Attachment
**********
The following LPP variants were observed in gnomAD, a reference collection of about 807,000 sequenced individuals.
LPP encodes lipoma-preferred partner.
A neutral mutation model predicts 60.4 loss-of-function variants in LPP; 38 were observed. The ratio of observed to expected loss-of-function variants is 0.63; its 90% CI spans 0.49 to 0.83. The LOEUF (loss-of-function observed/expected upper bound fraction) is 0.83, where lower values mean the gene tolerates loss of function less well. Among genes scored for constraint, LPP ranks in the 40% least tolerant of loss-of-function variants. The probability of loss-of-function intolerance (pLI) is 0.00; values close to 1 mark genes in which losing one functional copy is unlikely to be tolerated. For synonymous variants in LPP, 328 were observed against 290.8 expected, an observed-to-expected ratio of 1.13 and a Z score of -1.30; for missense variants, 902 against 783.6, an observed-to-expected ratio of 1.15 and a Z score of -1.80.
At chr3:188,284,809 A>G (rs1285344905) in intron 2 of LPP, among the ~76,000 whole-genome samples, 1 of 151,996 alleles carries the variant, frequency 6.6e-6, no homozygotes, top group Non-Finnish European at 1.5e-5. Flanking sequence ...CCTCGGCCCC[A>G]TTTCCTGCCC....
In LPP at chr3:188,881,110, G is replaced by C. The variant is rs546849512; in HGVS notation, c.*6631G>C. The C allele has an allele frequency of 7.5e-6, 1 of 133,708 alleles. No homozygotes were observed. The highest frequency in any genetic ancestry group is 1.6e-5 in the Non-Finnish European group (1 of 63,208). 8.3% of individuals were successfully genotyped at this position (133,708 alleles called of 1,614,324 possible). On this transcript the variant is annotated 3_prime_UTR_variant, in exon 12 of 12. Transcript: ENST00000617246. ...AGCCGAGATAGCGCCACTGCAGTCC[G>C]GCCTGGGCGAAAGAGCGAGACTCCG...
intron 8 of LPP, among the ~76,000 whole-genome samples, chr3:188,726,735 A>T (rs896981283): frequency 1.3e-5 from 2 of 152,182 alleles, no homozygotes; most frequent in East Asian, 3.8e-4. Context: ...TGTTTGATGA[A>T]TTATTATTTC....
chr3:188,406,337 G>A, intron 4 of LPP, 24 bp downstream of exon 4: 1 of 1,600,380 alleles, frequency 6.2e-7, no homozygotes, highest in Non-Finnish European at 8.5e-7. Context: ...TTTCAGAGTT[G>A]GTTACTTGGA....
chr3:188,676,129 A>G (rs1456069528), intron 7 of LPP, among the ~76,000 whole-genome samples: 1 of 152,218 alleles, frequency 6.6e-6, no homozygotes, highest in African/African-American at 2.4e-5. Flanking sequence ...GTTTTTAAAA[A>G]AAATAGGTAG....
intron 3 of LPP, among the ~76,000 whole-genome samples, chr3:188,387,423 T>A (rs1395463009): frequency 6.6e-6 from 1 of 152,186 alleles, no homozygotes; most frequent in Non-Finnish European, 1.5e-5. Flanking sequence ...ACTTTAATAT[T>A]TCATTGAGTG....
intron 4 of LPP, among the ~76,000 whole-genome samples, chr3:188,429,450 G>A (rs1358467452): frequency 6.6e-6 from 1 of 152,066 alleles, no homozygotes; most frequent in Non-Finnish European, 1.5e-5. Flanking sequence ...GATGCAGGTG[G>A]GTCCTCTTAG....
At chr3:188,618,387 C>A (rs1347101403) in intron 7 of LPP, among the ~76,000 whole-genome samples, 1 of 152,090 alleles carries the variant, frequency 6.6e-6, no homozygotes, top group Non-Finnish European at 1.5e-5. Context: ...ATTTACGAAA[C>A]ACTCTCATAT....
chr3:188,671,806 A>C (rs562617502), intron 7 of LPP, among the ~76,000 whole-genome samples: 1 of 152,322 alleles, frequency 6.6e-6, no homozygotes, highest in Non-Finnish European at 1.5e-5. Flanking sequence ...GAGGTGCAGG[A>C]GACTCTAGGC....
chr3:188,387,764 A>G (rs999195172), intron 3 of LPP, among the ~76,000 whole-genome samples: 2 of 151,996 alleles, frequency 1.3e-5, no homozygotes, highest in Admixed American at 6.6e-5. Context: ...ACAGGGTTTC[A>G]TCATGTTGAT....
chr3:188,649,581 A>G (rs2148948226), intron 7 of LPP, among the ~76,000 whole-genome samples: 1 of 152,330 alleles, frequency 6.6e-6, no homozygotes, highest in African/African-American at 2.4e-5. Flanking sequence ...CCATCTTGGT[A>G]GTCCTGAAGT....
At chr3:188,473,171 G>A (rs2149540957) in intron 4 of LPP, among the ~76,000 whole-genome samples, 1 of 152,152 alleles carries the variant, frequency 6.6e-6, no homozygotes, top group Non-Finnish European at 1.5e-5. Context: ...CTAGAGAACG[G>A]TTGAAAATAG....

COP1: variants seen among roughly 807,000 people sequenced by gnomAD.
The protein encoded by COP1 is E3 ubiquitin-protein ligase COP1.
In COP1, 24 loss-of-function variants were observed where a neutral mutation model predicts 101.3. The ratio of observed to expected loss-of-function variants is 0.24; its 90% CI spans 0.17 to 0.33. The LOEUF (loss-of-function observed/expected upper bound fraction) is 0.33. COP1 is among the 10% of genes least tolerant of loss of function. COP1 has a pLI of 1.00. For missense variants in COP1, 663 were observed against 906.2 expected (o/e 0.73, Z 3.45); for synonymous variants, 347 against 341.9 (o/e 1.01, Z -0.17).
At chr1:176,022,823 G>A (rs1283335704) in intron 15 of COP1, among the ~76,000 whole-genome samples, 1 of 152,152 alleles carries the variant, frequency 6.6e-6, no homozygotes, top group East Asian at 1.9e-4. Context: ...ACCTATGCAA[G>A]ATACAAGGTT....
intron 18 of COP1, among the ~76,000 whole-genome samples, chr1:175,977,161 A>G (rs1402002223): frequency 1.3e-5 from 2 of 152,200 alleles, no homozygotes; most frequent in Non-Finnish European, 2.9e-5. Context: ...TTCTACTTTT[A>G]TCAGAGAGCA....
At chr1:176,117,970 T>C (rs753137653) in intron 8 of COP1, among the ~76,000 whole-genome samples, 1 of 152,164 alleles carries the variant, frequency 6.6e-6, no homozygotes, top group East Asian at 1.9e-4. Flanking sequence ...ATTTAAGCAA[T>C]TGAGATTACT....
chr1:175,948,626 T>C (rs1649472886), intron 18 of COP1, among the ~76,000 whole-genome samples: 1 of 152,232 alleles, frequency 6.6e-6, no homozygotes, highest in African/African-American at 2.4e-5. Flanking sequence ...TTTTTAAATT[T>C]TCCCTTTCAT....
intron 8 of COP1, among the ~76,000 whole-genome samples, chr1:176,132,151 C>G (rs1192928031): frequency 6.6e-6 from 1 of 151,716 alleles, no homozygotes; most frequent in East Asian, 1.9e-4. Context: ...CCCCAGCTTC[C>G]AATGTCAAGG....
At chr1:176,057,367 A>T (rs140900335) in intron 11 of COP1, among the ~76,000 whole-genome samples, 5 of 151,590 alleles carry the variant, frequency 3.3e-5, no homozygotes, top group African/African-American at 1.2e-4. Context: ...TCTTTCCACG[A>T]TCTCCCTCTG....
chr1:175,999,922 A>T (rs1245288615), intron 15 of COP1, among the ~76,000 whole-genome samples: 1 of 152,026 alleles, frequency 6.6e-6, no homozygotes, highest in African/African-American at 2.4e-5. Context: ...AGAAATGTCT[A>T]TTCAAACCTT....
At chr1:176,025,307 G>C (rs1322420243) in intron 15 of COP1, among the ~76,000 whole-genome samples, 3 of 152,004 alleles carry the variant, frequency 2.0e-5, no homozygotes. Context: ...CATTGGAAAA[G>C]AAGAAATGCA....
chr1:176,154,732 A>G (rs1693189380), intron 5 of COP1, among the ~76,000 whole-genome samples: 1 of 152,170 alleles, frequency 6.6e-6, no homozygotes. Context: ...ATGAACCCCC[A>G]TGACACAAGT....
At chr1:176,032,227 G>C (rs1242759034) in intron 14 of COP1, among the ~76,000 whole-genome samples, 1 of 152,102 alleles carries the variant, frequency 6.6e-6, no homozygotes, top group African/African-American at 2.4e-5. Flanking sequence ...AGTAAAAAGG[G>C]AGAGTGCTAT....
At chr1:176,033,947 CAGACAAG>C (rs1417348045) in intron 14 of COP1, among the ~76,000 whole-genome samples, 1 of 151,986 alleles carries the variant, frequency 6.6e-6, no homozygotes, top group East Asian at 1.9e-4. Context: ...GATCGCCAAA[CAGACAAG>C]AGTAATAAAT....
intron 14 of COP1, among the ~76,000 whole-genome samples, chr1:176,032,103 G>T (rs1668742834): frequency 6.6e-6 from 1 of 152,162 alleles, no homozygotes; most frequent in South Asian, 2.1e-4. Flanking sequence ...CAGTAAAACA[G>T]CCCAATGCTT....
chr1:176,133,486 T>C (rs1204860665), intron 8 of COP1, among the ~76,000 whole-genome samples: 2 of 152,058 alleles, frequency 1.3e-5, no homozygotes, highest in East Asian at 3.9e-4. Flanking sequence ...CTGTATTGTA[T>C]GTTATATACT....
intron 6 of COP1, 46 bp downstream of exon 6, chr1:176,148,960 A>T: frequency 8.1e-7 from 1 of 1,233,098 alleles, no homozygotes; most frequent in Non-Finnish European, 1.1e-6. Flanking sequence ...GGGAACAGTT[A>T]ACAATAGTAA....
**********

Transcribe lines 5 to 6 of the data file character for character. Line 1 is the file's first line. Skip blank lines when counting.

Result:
In LPP at chr3:188,881,110, G is replaced by C. The variant is rs546849512; in HGVS notation, c.*6631G>C. The C allele has an allele frequency of 7.5e-6, 1 of 133,708 alleles. No homozygotes were observed. The highest frequency in any genetic ancestry group is 1.6e-5 in the Non-Finnish European group (1 of 63,208). 8.3% of individuals were successfully genotyped at this position (133,708 alleles called of 1,614,324 possible). On this transcript the variant is annotated 3_prime_UTR_variant, in exon 12 of 12. Transcript: ENST00000617246. ...AGCCGAGATAGCGCCACTGCAGTCC[G>C]GCCTGGGCGAAAGAGCGAGACTCCG...
intron 8 of LPP, among the ~76,000 whole-genome samples, chr3:188,726,735 A>T (rs896981283): frequency 1.3e-5 from 2 of 152,182 alleles, no homozygotes; most frequent in East Asian, 3.8e-4. Context: ...TGTTTGATGA[A>T]TTATTATTTC....